bin/console doctrine:database:create
Code language: JavaScript (javascript)

This will create your database for you.

Doctrine Extensions

Because we want to use the Doctrine Extensions bundle we’ll need to configure Doctrine to use the extensions. Luckily this is pretty easy to do. In my case we’ll want to use the Timestampable and the SoftDeletable functionality. To make this happen we’ll need to enable the extensions by editing the config/packages/stof_doctrine_extensions.yaml file.

stof_doctrine_extensions: default_locale: en_US orm: default: timestampable: true softdeleteable: true
Code language: JavaScript (javascript)

Because we want to use the SoftDeletable functionality we’ll also need to register a Doctrine filter by editing the config/packages/doctrine.yaml file under the orm key.

doctrine: dbal: url: '%env(resolve:DATABASE_URL)%' orm: auto_generate_proxy_classes: true naming_strategy: doctrine.orm.naming_strategy.underscore_number_aware auto_mapping: true filters: softdeleteable: class: Gedmo\SoftDeleteable\Filter\SoftDeleteableFilter enabled: true mappings: App: is_bundle: false type: attribute # Needs to be set to attribute for PHP 8 attributes to work dir: '%kernel.project_dir%/src/Entity' prefix: 'App\Entity' alias: App

We’ve added the softdeletable filter to the orm entry. This will make sure the filter is used on the default EntityManager of Doctrine.

In part 2 we’ll create the user register endpoint where new users can create an account.


  1. Hi, maybe you could help me.

    I cannot register a user as i encountered an issue with the token.

    “hydra:description”: “An error occurred while trying to encode the JWT token. Please verify your configuration (private key/passphrase)”,

    I tried everything possible:
    regenerate keys, changing, passphrase in both .env or putting clear passphrase in yaml lexik configuraiton file.
    I tried to execute the lexik command to generate keys

    My keys are generated but i always face this issue now for 2 days i’m stuck.

    PS: sorry for my english i hope you unerstand.

  2. Hi,
    I managed to make it work so my comment is useless now.

    But i’m facing another issue when i try to activate account from email (button or link)

    I have a no route found error for the activation.

    Can you help me ?

    1. Hi,

      I’m glad you managed it. Sorry it took so long for me to reply!

      What’s the output when you run
      bin/console debug:router

      Does it list the activation endpoint? If not you’ll need to check your routing.yml file and check if API Platform is listed there. It’s also possible you have an error in your entity configuration. Check that aswell.

      With regards,

  3. Hi ,

    Thanks for the reply.

    Here is the output of the debug:router command:

    api_entrypoint ANY ANY ANY /api/{index}.{_format}
    api_doc ANY ANY ANY /api/docs.{_format}
    api_jsonld_context ANY ANY ANY /api/contexts/{shortName}.{_format}
    api_portfolios_get_collection GET ANY ANY /api/portfolios.{_format}
    api_portfolios_post_collection POST ANY ANY /api/portfolios.{_format}
    api_portfolios_get_item GET ANY ANY /api/portfolios/{id}.{_format}
    api_portfolios_delete_item DELETE ANY ANY /api/portfolios/{id}.{_format}
    api_portfolios_put_item PUT ANY ANY /api/portfolios/{id}.{_format}
    api_portfolios_patch_item PATCH ANY ANY /api/portfolios/{id}.{_format}
    api_stocks_get_collection GET ANY ANY /api/stocks.{_format}
    api_stocks_post_collection POST ANY ANY /api/stocks.{_format}
    api_stocks_get_item GET ANY ANY /api/stocks/{id}.{_format}
    api_stocks_delete_item DELETE ANY ANY /api/stocks/{id}.{_format}
    api_stocks_put_item PUT ANY ANY /api/stocks/{id}.{_format}
    api_stocks_patch_item PATCH ANY ANY /api/stocks/{id}.{_format}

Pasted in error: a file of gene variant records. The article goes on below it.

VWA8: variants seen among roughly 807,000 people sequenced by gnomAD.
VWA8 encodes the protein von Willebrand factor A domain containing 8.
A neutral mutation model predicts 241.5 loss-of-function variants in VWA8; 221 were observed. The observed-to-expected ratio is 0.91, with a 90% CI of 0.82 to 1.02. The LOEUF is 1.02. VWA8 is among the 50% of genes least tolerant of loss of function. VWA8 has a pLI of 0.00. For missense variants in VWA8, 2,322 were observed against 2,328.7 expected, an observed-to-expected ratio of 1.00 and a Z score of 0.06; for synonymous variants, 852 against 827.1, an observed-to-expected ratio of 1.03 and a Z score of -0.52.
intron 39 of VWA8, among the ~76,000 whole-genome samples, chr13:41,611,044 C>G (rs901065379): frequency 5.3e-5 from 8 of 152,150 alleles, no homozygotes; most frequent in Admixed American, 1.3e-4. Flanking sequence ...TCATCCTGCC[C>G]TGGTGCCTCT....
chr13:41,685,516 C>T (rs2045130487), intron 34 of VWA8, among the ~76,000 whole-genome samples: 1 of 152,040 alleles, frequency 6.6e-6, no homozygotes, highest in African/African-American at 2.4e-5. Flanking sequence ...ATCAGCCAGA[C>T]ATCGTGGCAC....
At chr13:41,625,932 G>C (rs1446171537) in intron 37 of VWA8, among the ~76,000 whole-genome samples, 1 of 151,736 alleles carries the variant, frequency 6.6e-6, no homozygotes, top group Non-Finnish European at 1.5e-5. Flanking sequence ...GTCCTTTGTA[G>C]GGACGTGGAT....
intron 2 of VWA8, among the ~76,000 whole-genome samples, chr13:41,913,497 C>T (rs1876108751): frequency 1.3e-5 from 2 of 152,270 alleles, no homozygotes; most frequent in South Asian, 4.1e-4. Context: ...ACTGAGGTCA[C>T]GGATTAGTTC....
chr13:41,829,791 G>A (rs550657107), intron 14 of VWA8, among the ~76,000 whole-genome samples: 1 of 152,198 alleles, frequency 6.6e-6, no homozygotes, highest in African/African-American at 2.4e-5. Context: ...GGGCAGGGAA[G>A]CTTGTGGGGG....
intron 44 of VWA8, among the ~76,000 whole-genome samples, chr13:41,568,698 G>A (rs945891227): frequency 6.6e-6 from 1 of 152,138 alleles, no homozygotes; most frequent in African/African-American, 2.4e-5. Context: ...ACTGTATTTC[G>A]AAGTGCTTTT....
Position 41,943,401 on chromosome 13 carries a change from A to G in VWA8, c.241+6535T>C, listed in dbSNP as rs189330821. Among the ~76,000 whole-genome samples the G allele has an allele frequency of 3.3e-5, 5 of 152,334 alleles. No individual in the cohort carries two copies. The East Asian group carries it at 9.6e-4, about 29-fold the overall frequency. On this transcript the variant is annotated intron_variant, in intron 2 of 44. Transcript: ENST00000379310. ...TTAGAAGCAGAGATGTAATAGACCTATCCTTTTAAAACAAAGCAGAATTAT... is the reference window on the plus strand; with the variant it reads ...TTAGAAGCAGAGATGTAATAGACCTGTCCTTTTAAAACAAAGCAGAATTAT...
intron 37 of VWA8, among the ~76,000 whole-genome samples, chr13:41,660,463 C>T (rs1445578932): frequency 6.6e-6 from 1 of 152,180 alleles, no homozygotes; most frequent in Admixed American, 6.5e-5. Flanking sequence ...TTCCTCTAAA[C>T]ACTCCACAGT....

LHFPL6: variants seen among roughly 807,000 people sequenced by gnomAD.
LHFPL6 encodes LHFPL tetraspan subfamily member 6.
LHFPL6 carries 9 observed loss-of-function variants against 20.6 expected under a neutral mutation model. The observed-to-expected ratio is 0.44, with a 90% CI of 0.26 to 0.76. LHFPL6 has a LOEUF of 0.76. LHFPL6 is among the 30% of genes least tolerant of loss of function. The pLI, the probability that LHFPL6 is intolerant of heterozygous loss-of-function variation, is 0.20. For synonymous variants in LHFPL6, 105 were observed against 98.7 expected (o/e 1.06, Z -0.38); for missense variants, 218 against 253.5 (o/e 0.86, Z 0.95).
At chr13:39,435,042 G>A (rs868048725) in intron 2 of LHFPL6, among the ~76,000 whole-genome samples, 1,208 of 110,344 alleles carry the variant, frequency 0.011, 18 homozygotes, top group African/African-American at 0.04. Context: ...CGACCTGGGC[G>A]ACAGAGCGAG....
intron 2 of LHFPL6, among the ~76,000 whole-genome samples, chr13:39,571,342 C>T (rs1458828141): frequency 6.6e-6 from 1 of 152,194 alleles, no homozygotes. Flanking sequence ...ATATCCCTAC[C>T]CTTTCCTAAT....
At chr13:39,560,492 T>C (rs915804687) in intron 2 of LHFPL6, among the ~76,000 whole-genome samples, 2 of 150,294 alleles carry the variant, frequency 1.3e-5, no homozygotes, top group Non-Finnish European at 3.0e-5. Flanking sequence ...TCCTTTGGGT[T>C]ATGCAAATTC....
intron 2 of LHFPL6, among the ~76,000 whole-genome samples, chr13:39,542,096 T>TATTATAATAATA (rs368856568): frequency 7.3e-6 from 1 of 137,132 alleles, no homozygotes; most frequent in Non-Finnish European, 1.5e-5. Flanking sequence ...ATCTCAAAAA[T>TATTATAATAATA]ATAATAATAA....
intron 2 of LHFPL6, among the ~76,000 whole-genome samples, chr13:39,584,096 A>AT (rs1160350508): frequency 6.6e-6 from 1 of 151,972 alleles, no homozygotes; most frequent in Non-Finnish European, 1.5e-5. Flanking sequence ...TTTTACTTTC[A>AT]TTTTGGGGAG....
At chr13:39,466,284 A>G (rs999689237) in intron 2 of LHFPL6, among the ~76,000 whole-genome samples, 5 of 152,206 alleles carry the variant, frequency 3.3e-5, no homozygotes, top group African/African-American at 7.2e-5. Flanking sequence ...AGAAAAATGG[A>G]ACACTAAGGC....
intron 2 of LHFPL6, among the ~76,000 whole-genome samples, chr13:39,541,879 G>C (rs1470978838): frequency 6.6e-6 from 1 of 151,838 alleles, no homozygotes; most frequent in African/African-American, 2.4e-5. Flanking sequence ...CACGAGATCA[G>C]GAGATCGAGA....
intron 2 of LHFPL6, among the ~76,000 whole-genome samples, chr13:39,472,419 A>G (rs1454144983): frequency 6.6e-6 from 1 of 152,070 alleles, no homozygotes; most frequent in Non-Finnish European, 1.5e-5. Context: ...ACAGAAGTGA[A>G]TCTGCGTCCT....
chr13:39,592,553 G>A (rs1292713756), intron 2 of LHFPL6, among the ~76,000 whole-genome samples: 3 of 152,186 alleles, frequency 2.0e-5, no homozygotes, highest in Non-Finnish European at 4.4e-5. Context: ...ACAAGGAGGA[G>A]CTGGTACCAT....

api_users_post_collection POST ANY ANY /api/users.{_format}
    api_users_register_collection POST ANY ANY /api/public/users/register
    api_users_activate_collection POST ANY ANY /api/public/users/activate
    api_users_get_item GET ANY ANY /api/users/{id}.{_format}
    api_users_put_item PUT ANY ANY /api/users/{id}.{_format}
    api_users_delete_item DELETE ANY ANY /api/users/{id}.{_format}
    _preview_error ANY ANY ANY /_error/{code}.{_format}
    _wdt ANY ANY ANY /_wdt/{token}
    _profiler_home ANY ANY ANY /_profiler/
    _profiler_search ANY ANY ANY /_profiler/search
    _profiler_search_bar ANY ANY ANY /_profiler/search_bar
    _profiler_phpinfo ANY ANY ANY /_profiler/phpinfo
    _profiler_search_results ANY ANY ANY /_profiler/{token}/search/results
    _profiler_open_file ANY ANY ANY /_profiler/open
    _profiler ANY ANY ANY /_profiler/{token}
    _profiler_router ANY ANY ANY /_profiler/{token}/router
    _profiler_exception ANY ANY ANY /_profiler/{token}/exception
    _profiler_exception_css ANY ANY ANY /_profiler/{token}/exception.css
    token POST ANY ANY /token

  4. As you can see in my comment above, the route
    api_users_activate_collection POST ANY ANY /api/public/users/activate is here.

    But what i don’t understand is why in the UserService we have this:

    ‘activationLink’ => sprintf(‘%sactivate-account?token=%s’, $this->frontendUrl, $token),

    with is not he same path as the user activation in the API .

    I think i misunderstood something, but to me the route for this path doesn’t not exist (so the error “NO ROUTE FOUND” is normal);

    The other thing i can’t understand is that the API route is a POST route, so event in i change this line:
    ‘activationLink’ => sprintf(‘%sactivate-account?token=%s’, $this->frontendUrl, $token),

    to :

    ‘activationLink’ => sprintf(‘%sapi/public/users/activate?token=%s’, $this->frontendUrl, $token),

    it is not working obviously because it is a GET request.

    So now i’m stuck checking your github files to see i forgot something with no chance.

    Thank you for the great job (sign in an register from my app is working well).

    1. Note that activation is working from the api/docs in apiPlateform , what is not working is the activation via the email link.

      1. Hi,

        The activationlink in the email message is the link to the account activation lage of your webapp or phone app.

        This page should perform the post request using the url of the API and show the result of this API call to the user. For example ‘Your account is activated’ or ‘The activation token your specified is invalid’.

        So in short. The URL of the activation endpoint should only be called from your frontend.

        I hope this makes it a bit clearer for you.

        With regards,

  5. hi, thanks !

    i just realize my misunderstaning before cheking your answer ! English is a bit difficult for me but now it’s ok .

    Many thanks for your great job. I faced other issues that i managed to resolve by myself as i’m using sf 5.4.9.

    Thank you for your patience and your explanations. I hope you will continue this serie.